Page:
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3D printing in Hungarian schools grows with CraftUnique and Leopoly

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The Hungarian ‘3DTECH in Schools’ program takes a huge leap forward by welcoming CrafUnique, Hungarian 3D printer manufacturer and Leopoly, online 3D modeling software developer on board. With this turn the program awards another 10 3D printers to teach about 3D printing in Hungarian schools, which adds up to 21 institutions equipped with this innovative technology.

3D printing in hungarian schools7The goal of the project is to install 3D printers in every Hungarian educational institution within 3 years. They’d also like to ensure that the technology is adopted so that it is helping the development of the students and the work of the teachers efficiently. Hungarian 3D printing specialist, FreeDee Printing Solutions’ first step was a ‘MakerBot in the Classroom’ competition awarding 11 schools with professional MakerBot 3D printers. A similar competition has been held half a year earlier in Estonia. FreeDee’s aim was to measure the readiness of local schools to use 3D technologies. With 413 entries the results surpassed all expectations. Encouraged by the success of the campaign the team decided that they have to keep up the good work.

As CraftUnique and Leopoly joins the program, another 10 schools receive a 3D printer providing further examples of the opportunities that come with educational 3D printing.

3D printing in hungarian schools5Before the handover, FreeDee Printing Solutions showcased what has been happening in the schools who had received their printers 2 months ago. Naturally hundreds of visual aids have been printed, including motivational assets such as prizes and school emblems. Many schools started their own public awareness campaigns by visiting other schools and showcasing the technology during open days. In vocational schools jigs and parts modeled by students went into production. Surprisingly even in primary schools where no prior 3D modeling experience existed teachers and students started to use TinkerCAD, Blender and Thingiverse customizing tools to produce their designs.

The 3DTECH in Schools program unites 3 of the most important companies in the Hungarian 3D printing scene:

  • FreeDee Printing Solutions: distributor and service provider, founder of the 3D Academy providing a unique educational program in the field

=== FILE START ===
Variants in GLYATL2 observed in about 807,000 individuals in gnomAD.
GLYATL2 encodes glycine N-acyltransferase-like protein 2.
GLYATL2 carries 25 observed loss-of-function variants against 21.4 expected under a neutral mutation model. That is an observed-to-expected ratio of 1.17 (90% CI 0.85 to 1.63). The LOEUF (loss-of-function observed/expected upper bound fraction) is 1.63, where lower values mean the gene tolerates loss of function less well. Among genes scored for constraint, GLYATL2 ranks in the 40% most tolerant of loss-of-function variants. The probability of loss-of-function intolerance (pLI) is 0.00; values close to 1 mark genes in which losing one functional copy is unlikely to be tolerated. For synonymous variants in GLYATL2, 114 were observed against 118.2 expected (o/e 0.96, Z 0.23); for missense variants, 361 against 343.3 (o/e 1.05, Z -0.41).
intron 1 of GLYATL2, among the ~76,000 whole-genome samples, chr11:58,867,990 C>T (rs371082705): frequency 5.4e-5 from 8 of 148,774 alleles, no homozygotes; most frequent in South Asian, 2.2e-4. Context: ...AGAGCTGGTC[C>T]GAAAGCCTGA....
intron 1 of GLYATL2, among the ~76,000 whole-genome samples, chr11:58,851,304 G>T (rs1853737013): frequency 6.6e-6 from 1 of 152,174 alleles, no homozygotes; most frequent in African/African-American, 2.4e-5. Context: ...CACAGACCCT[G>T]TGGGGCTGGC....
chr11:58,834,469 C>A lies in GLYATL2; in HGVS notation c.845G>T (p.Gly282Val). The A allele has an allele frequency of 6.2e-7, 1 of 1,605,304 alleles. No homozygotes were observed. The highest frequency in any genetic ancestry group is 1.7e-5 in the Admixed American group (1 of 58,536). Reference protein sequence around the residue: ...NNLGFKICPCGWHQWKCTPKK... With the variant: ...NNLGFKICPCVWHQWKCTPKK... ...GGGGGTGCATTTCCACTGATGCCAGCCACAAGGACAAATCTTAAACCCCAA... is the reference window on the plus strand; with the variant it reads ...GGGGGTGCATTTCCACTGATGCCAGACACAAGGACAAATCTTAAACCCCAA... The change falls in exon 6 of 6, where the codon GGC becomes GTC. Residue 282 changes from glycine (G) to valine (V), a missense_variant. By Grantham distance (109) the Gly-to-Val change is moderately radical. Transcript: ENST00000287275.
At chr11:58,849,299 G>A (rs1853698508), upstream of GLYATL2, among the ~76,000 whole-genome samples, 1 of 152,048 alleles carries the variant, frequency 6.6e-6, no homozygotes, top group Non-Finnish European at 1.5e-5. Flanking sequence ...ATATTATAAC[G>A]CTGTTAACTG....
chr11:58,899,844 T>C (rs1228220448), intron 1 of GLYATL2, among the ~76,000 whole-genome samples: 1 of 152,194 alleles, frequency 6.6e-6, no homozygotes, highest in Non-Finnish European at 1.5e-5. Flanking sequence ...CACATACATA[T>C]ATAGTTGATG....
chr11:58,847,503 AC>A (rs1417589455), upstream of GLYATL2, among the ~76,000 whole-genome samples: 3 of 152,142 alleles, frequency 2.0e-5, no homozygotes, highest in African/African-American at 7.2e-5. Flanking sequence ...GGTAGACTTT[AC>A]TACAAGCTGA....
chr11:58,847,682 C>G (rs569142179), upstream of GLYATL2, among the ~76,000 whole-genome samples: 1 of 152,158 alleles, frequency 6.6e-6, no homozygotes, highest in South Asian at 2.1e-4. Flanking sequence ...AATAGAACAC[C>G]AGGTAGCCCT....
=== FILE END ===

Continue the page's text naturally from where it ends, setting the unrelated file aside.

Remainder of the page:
• Leopoly: developer of the world famous online 3D modeling software
  • CraftUnique: developer and manufacturer of CraftBot 3D printers and CraftWare slicer

3D printing in hungarian schools9By putting together these 3 companies covering different aspects, the program includes everything from the teachers’ training and a professional support system to the installation of infrastructure. As for the machinery they propose to have printers in every school with appointed knowledge centers (preferably in vocational schools) where multi-printer laboratories are set up including 3D scanners and other assets.

“The 3DTECH in Schools program puts no extra burden on the educators or the educational system. Our goal is to make Hungary realize an incomparable and fully comprehensive educational program in 3D technologies” – said György Simó, CEO, FreeDee Printing Solutions.

“There’s an indisputable need for raising technological awareness during the education of the next generations” – Csaba Fazekas, CEO, CraftUnique.

“The program provides a unique opportunity to integrate 3D printing in the curriculum so that it efficiently supports educational goals and the development of students.” Zoltán Kárpáti, CEO, Leopoly.

As has been said during the ceremony and underpinned by examples, the biggest advantage of educational 3D printing lies in the achievable interdiscplinarity. Working on complex projects from defining a problem, coming up with solutions, iterating during the design process to actually producing an object, many different competencies evolve. The cherry on the top of it is that all children are truly thrilled by creative activities that actually provide a tangible outcome.

According to the companies behind the initiative, the 3DTECH in Schools is an easy-to-launch program whether centrally or by the involvement of further private sponsors.

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Victor Anusci

Victor does not really exist. He is a pseudonym for several writers in the 3D Printing Media Network team. As a pseudonym, Victor has also had a fascinating made-up life story, living as a digital (and virtual) nomad to cover the global AM industry. He has always worked extra-hard whenever he was needed to create unique content. However, lately, as our editorial team has grown, he is mostly taking care of publishing press releases.

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